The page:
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On the Fringe of the Wild Review

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Trailer for the film here: https://www.youtube.com/watch?v=AzfCuMK4vDs

Warning: Spoilers for On the Fringe and mentions of suicide and abuse!

On the Fringe of the Wild is a new film from Breaking Glass Productions about teen boys in Canada in the early 2000’s who are trying to come to terms with their queerness. They deal with toxic masculinity and homophobia from their parents, and peers.

At the beginning of the film, the protagonist, Peter (Harrison Browne), is bullied by schoolmate, Miles, and Miles’ girlfriend. Petter is drawing a rabbit in his sketchbook when Miles and his girlfriend come up to him, steal his sketchbook, pants him, and call him the f-slur. This scene seemed like overkill. I would have liked to get to know Peter’s character a bit better outside of knowing that he likes to draw, and experiences homophobia.

The homophobia that Peter experiences at the hands of his father, was also a bit heavy handed. His father is toxic masculinity epitimized, repeatedly telling Peter needs to “become a man.” Peter’s father takes him on a hunting trip for this reason. As the official synopsis of the film says, “tensions run high and Peter runs away”, and “Lost, cold and reaching his breaking point, Peter meets Jack, who’s also desperate to escape his toxic family situation.”

I did think that Peter and Jack’s relationship was quite cute. Jack rescues Peter from the cold and from falling through the ice. Then, they find a cabin together to take shelter. Of course, because it’s set in Canada, they have a huddle for warmth, a classic romance (and fanfiction) trope. They also play fight and throw snowballs at each other. I will say their “draw me naked” scene was a bit sudden, but also obligatory after Titanic and Portrait of a Lady on Fire.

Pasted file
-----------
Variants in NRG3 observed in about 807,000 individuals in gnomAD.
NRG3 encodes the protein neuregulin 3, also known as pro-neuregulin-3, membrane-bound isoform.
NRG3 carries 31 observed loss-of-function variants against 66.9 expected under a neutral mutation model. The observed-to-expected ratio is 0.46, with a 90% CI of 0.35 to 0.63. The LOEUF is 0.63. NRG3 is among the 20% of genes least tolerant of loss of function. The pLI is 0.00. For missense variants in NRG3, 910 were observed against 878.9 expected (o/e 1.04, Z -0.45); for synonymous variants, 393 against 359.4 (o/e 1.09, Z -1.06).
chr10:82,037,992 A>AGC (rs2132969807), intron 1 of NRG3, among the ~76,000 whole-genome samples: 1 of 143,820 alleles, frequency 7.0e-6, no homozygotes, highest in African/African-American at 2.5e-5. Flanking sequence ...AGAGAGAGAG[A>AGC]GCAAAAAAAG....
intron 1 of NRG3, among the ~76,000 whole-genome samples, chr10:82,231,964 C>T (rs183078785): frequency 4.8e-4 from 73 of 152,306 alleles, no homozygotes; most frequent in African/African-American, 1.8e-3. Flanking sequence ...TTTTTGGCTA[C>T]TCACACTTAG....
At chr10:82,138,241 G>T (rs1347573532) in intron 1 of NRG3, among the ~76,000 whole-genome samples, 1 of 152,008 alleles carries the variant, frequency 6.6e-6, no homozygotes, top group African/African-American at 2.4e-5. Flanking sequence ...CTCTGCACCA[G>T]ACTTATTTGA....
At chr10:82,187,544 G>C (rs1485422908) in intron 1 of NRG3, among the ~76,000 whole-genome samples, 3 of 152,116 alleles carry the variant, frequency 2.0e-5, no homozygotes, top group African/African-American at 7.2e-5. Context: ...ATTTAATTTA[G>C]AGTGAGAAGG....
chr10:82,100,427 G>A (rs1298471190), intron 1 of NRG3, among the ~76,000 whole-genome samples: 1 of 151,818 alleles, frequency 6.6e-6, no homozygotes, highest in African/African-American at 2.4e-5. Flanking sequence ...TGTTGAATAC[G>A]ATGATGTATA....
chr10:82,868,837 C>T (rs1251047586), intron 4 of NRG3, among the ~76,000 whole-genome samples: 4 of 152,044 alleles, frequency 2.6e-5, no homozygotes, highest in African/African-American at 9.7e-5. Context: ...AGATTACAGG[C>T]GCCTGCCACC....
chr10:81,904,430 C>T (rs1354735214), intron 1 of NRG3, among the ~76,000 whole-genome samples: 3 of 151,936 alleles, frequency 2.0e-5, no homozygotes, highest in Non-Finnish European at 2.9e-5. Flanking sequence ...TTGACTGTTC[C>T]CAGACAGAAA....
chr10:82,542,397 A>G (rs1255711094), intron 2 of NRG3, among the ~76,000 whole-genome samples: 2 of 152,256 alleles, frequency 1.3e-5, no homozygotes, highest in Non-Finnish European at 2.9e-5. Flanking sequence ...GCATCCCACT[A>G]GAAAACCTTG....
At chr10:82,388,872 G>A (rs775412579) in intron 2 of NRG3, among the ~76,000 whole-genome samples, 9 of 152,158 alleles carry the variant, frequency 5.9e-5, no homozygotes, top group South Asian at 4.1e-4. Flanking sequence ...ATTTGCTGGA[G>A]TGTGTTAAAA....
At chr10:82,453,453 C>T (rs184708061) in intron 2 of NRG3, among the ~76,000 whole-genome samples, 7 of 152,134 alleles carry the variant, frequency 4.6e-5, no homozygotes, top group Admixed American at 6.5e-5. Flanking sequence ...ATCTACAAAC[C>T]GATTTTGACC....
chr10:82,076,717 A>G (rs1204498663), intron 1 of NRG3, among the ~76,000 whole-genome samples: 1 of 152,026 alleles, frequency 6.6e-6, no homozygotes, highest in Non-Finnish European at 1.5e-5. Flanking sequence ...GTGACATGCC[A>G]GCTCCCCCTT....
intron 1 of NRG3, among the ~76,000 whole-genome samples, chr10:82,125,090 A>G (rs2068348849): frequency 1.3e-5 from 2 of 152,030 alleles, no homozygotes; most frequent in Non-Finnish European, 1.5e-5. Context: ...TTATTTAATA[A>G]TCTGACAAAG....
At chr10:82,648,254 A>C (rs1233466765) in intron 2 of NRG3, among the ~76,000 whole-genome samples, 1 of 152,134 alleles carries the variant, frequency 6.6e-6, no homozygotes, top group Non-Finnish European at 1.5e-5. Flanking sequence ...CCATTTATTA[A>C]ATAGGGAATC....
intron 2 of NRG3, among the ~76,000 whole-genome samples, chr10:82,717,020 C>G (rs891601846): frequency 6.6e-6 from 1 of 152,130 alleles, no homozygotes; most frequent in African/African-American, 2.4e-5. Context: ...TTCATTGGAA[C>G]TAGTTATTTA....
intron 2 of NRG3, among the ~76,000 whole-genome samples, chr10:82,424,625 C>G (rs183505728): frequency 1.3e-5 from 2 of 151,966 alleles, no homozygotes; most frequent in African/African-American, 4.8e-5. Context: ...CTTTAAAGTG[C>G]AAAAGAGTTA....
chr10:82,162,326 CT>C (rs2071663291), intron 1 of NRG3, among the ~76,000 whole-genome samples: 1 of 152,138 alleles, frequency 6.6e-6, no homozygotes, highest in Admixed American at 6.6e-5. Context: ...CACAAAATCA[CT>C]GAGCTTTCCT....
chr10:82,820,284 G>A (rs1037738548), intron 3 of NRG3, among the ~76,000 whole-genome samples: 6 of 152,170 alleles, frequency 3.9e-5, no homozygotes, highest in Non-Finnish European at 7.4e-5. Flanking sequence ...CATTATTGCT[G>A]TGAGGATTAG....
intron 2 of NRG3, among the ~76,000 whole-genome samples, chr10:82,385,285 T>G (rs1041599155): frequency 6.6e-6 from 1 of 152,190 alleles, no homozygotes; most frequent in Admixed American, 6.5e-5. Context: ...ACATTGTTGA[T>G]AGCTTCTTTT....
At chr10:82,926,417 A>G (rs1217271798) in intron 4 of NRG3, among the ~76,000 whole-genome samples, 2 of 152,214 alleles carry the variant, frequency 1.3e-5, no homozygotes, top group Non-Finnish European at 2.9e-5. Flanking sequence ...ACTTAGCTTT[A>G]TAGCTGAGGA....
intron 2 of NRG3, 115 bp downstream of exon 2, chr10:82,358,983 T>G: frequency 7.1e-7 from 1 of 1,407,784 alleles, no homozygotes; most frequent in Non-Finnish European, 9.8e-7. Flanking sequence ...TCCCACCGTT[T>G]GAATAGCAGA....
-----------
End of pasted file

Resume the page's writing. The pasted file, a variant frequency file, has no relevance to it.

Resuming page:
Jack and Peter

But then the movie took a turn, which I should have remembered it would, since the synopsis says that Peter and Jack are “torn apart.” After all, Peter’s parents are worried about him, so he returns home. But Jack is still around and he invites Peter to his ex- boyfriend Miles’ party. Oh yeah, I forgot to mention, Miles is Jack’s ex-boyfriend, but he was abusive. So, at the party they play spin the bottle/seven minutes of heaven, which seemed overly tropey to me.This may be because I was very young in the early 2000’s, but I’ve only ever seen those games played in videos, rather than in reality. After they’re seen kissing, the homophobia that the boys experience at the hands of their peers and their parents escalate.

I’m not going to spoil all of the details of it, but one of the gay characters does end up killing himself. I knew this may happen since the film was advertised as a “Romeo and Juliet tale” which is fundamentally a tragedy, involving the suicide of young forbidden lovers. But I was hoping that they would be able to sucessfully high tail it out to Quebec together which they planned on doing. Is Quebec the San Francisco of Canada? I suppose the film was successul and making me feel sad, which it was clearly aiming to do. But it didn’t need to make me sad because I’m already queer. Which sort of made it feel like the film was really for straight people who are on the fence about how they feel about LGBTQ+ people.

Miles and his girlfriend

Honestly, it really hurts to see another queer character kill themself onscreen. It fits into a trope that I know all too well, that is, “bury your gays”. I get what the director, Emma Catalfamo was going for with it, the message that gender roles and toxic masculinity are lethal, but it comes at the price of further queer trauma. Because not to be dramatic, but seeing that did traumatize me a little, in part because I’ve seen it onscreen so often. To better understand this trope, you can watch this video by The Take.

The film also had a lot of plot points happening with various characters, it’s like Peter was the main character but he wasn’t really because there was also very complicated family situations happening to Jack and Miles, which were never truly resolved. In conclusion, I didn’t hate this film, but I wouldn’t really recommend it either unless you really like tragic films. But for me it was a miss because as I’ve said before, I just want a queer happy ending for once. You can watch the film on October 12 on iTunes/Apple TV, Amazon, Google Play, Vudu, DirecTv, and through additional local cable & satellite providers, and on DVD.

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